Queen’s Collage Collective (QCC), Queen’s Reads, and Union Gallery have collaborated to deliver a night of art-making and thoughtful discussion at ‘Queer Kinship: Chosen Family’, which will take place virtually on Feb. 2 from 6-8 p.m.
The Journal spoke with Alyssa Vernon, ConEd ’21 and co-chair of QCC, to discuss the importance of creating inclusive communities for LGBTQ+ individuals.
“We want to make sure we center the [participants] and make sure everyone understands and agrees that this is a space where folks deserve to feel safe and seen within their own community,” Vernon said.
As part of Queen’s Reads’ Queer Kinship Series, the ‘Chosen Family’ event is inspired by this year’s Queen’s Reads recommended book, I Hope We Choose Love: A Trans Girl’s Notes from the End of the World by Kair Cheng Thom.
This isn’t the first collaboration between Queen’s Reads and QCC.
“[I’m on QCC’s] programming committee, so being [that I am] a Black queer person, Clarissa, who runs Queen’s Reads [said], ‘Obviously, we want to have your opinion in the kind of events we create and also your help in producing [them],’ because these are the types of events that we do,” Vernon explained.
Attendees are invited to submit their pieces made during the event to the upcoming Queen’s Reads queer art show titled, Honesty, Glory, and Possibility: Queer Experiences of Gender, which will be held at Union Gallery in April.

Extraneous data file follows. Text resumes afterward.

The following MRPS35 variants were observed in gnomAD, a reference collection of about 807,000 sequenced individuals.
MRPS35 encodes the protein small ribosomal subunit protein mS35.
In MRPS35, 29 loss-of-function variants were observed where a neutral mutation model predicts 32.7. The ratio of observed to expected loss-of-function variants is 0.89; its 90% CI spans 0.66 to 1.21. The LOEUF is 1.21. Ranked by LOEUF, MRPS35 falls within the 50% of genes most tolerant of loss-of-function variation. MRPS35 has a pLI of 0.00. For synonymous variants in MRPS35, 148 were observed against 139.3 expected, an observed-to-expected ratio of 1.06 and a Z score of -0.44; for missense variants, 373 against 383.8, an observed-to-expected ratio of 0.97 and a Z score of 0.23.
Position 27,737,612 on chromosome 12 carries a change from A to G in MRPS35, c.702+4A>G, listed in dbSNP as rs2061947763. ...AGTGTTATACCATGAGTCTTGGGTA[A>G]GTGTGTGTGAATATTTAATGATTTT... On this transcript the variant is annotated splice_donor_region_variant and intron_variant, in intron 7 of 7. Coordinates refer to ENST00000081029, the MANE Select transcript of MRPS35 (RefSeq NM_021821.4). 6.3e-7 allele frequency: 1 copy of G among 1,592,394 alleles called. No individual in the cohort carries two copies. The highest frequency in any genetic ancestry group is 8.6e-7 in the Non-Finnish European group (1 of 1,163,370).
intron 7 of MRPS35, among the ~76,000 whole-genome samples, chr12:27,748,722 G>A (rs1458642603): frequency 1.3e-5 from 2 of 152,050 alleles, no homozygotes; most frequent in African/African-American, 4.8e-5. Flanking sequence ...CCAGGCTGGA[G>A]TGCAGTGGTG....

“We’ll typically have a large group discussion for this, and collaging is something we encourage folks to be doing while we’re discussing,” Vernon said.
“[Collaging] usually helps [the process of] reflecting and pairing images with what you’re thinking. It’s typically what makes the conversations more fruitful.”
While participants create their collages, the discussion will be open to different topics surrounding queer kinship—like what attendees love about it, what it means to be part of a chosen family, and how queer kids should be represented in the media.
Vernon hopes to create a supportive space for students, particularly high schoolers and first years, as entering predominantly white, heterosexual institutions can feel alienating.
“[Showing younger students] the plethora of [student-run] clubs that have queer representation or value anti-oppressive pedagogy and education—I think that’s really valuable,” she said. “Young folks deserve that space.”
Vernon hopes participants gain relief from the space, especially if it’s their first time attending a collaging event.
“I hope [attendees] find comfort in being in a [virtual] room with a bunch of queer people talking about the importance of community and chosen family.”
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